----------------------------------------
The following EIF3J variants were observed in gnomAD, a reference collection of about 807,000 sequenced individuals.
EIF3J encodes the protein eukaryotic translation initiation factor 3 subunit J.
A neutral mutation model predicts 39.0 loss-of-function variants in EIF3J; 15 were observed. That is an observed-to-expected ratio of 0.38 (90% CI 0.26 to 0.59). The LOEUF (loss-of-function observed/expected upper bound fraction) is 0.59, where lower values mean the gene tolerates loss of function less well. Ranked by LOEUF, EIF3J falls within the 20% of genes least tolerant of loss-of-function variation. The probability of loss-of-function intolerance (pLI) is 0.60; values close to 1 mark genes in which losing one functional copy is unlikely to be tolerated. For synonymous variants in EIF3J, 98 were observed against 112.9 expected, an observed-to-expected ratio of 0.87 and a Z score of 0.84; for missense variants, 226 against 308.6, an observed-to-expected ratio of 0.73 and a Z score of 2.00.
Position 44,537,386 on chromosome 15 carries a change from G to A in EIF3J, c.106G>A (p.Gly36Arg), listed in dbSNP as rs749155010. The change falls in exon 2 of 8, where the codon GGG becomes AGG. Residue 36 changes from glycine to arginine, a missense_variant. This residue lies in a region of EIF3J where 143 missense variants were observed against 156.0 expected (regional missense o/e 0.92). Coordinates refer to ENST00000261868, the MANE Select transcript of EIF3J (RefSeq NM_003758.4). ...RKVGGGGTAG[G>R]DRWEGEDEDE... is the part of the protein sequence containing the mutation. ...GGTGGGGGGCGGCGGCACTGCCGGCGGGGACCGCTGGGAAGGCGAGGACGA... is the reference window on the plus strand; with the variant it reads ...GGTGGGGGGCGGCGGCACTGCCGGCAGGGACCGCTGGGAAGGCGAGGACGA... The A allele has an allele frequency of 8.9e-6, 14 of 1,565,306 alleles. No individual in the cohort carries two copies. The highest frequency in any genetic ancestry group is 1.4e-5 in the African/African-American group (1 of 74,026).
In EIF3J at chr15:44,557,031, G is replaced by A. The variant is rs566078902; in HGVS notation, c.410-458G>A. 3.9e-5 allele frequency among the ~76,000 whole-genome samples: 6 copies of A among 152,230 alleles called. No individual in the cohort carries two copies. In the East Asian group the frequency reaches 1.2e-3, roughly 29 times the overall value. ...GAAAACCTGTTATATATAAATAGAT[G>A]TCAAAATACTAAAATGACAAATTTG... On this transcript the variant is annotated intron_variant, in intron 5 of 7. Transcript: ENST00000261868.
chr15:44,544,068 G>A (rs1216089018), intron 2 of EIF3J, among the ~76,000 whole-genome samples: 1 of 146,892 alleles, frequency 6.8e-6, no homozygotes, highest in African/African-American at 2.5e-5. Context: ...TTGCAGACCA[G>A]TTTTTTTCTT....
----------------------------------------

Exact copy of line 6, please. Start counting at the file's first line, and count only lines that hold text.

chr15:44,544,068 G>A (rs1216089018), intron 2 of EIF3J, among the ~76,000 whole-genome samples: 1 of 146,892 alleles, frequency 6.8e-6, no homozygotes, highest in African/African-American at 2.5e-5. Context: ...TTGCAGACCA[G>A]TTTTTTTCTT....